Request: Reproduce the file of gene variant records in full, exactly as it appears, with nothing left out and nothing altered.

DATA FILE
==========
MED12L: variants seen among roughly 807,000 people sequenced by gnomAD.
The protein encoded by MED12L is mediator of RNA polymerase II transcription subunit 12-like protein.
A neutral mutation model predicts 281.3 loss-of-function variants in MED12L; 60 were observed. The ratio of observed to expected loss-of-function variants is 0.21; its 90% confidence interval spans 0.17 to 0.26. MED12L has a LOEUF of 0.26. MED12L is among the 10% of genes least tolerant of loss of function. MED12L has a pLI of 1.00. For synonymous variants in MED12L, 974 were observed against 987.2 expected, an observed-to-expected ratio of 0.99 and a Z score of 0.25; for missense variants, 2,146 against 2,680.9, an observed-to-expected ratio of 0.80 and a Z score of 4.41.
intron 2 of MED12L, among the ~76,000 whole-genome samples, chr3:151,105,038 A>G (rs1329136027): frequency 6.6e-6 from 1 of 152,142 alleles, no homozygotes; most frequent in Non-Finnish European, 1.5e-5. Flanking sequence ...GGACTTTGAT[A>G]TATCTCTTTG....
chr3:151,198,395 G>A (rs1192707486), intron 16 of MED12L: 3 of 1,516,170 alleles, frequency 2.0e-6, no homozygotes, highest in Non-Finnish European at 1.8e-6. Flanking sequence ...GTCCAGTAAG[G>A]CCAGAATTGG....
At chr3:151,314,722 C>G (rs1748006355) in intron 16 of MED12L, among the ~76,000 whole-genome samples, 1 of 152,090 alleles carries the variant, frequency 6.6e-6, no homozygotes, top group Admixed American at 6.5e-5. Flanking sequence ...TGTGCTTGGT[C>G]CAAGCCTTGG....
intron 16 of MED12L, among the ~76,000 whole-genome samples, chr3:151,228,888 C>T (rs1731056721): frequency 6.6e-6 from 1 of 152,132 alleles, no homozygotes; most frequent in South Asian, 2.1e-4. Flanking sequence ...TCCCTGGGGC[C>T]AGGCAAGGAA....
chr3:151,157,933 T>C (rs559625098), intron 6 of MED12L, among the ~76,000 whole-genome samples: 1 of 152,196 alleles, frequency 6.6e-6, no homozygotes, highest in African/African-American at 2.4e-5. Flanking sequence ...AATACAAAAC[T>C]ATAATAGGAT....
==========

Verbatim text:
MED12L: variants seen among roughly 807,000 people sequenced by gnomAD.
The protein encoded by MED12L is mediator of RNA polymerase II transcription subunit 12-like protein.
A neutral mutation model predicts 281.3 loss-of-function variants in MED12L; 60 were observed. The ratio of observed to expected loss-of-function variants is 0.21; its 90% confidence interval spans 0.17 to 0.26. MED12L has a LOEUF of 0.26. MED12L is among the 10% of genes least tolerant of loss of function. MED12L has a pLI of 1.00. For synonymous variants in MED12L, 974 were observed against 987.2 expected, an observed-to-expected ratio of 0.99 and a Z score of 0.25; for missense variants, 2,146 against 2,680.9, an observed-to-expected ratio of 0.80 and a Z score of 4.41.
intron 2 of MED12L, among the ~76,000 whole-genome samples, chr3:151,105,038 A>G (rs1329136027): frequency 6.6e-6 from 1 of 152,142 alleles, no homozygotes; most frequent in Non-Finnish European, 1.5e-5. Flanking sequence ...GGACTTTGAT[A>G]TATCTCTTTG....
chr3:151,198,395 G>A (rs1192707486), intron 16 of MED12L: 3 of 1,516,170 alleles, frequency 2.0e-6, no homozygotes, highest in Non-Finnish European at 1.8e-6. Flanking sequence ...GTCCAGTAAG[G>A]CCAGAATTGG....
At chr3:151,314,722 C>G (rs1748006355) in intron 16 of MED12L, among the ~76,000 whole-genome samples, 1 of 152,090 alleles carries the variant, frequency 6.6e-6, no homozygotes, top group Admixed American at 6.5e-5. Flanking sequence ...TGTGCTTGGT[C>G]CAAGCCTTGG....
intron 16 of MED12L, among the ~76,000 whole-genome samples, chr3:151,228,888 C>T (rs1731056721): frequency 6.6e-6 from 1 of 152,132 alleles, no homozygotes; most frequent in South Asian, 2.1e-4. Flanking sequence ...TCCCTGGGGC[C>T]AGGCAAGGAA....
chr3:151,157,933 T>C (rs559625098), intron 6 of MED12L, among the ~76,000 whole-genome samples: 1 of 152,196 alleles, frequency 6.6e-6, no homozygotes, highest in African/African-American at 2.4e-5. Flanking sequence ...AATACAAAAC[T>C]ATAATAGGAT....